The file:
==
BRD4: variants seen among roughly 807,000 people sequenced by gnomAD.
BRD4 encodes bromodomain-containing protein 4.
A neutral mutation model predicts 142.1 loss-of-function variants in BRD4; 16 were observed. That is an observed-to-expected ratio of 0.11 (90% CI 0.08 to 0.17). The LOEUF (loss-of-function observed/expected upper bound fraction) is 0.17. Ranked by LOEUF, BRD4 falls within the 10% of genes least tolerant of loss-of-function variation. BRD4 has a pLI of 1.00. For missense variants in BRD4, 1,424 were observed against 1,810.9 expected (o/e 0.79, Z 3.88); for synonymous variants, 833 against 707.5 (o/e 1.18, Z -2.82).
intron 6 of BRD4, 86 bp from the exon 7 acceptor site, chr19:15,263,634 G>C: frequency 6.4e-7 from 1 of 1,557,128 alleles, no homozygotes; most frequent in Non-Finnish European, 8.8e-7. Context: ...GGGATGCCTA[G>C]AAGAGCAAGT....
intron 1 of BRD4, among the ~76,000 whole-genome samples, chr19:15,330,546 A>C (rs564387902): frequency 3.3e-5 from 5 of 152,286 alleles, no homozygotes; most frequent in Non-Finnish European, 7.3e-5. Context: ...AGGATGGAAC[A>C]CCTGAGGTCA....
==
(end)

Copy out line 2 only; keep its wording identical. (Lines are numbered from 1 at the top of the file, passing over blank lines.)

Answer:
BRD4 encodes bromodomain-containing protein 4.